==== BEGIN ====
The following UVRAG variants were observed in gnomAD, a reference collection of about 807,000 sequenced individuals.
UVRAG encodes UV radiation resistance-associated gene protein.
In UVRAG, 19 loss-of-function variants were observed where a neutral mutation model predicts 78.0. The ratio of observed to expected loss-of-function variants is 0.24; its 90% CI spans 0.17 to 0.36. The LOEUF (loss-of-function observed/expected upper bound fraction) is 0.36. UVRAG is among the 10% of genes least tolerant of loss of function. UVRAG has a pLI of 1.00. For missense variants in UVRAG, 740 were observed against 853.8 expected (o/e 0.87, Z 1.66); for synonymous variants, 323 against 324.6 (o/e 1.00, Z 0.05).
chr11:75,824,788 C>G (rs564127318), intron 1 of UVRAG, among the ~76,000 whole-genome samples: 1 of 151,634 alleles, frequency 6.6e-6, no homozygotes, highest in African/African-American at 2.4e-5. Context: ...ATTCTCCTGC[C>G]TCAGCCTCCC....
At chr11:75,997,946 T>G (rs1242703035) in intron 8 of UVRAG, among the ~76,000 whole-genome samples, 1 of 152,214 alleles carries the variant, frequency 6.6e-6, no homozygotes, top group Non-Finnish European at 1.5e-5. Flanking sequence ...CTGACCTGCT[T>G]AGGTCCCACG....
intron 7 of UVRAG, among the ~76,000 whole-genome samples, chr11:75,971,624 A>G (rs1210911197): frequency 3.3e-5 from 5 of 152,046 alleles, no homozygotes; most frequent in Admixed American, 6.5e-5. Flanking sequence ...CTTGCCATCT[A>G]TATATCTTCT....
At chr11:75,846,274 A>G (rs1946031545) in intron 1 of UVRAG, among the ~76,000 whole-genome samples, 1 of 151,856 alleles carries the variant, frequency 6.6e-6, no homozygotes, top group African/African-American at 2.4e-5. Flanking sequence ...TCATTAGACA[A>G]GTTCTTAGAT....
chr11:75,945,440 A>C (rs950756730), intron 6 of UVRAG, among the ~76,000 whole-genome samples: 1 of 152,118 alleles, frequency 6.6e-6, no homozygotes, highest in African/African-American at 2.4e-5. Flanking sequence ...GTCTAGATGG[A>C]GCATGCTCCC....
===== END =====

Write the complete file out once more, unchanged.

The following UVRAG variants were observed in gnomAD, a reference collection of about 807,000 sequenced individuals.
UVRAG encodes UV radiation resistance-associated gene protein.
In UVRAG, 19 loss-of-function variants were observed where a neutral mutation model predicts 78.0. The ratio of observed to expected loss-of-function variants is 0.24; its 90% CI spans 0.17 to 0.36. The LOEUF (loss-of-function observed/expected upper bound fraction) is 0.36. UVRAG is among the 10% of genes least tolerant of loss of function. UVRAG has a pLI of 1.00. For missense variants in UVRAG, 740 were observed against 853.8 expected (o/e 0.87, Z 1.66); for synonymous variants, 323 against 324.6 (o/e 1.00, Z 0.05).
chr11:75,824,788 C>G (rs564127318), intron 1 of UVRAG, among the ~76,000 whole-genome samples: 1 of 151,634 alleles, frequency 6.6e-6, no homozygotes, highest in African/African-American at 2.4e-5. Context: ...ATTCTCCTGC[C>G]TCAGCCTCCC....
At chr11:75,997,946 T>G (rs1242703035) in intron 8 of UVRAG, among the ~76,000 whole-genome samples, 1 of 152,214 alleles carries the variant, frequency 6.6e-6, no homozygotes, top group Non-Finnish European at 1.5e-5. Flanking sequence ...CTGACCTGCT[T>G]AGGTCCCACG....
intron 7 of UVRAG, among the ~76,000 whole-genome samples, chr11:75,971,624 A>G (rs1210911197): frequency 3.3e-5 from 5 of 152,046 alleles, no homozygotes; most frequent in Admixed American, 6.5e-5. Flanking sequence ...CTTGCCATCT[A>G]TATATCTTCT....
At chr11:75,846,274 A>G (rs1946031545) in intron 1 of UVRAG, among the ~76,000 whole-genome samples, 1 of 151,856 alleles carries the variant, frequency 6.6e-6, no homozygotes, top group African/African-American at 2.4e-5. Flanking sequence ...TCATTAGACA[A>G]GTTCTTAGAT....
chr11:75,945,440 A>C (rs950756730), intron 6 of UVRAG, among the ~76,000 whole-genome samples: 1 of 152,118 alleles, frequency 6.6e-6, no homozygotes, highest in African/African-American at 2.4e-5. Flanking sequence ...GTCTAGATGG[A>C]GCATGCTCCC....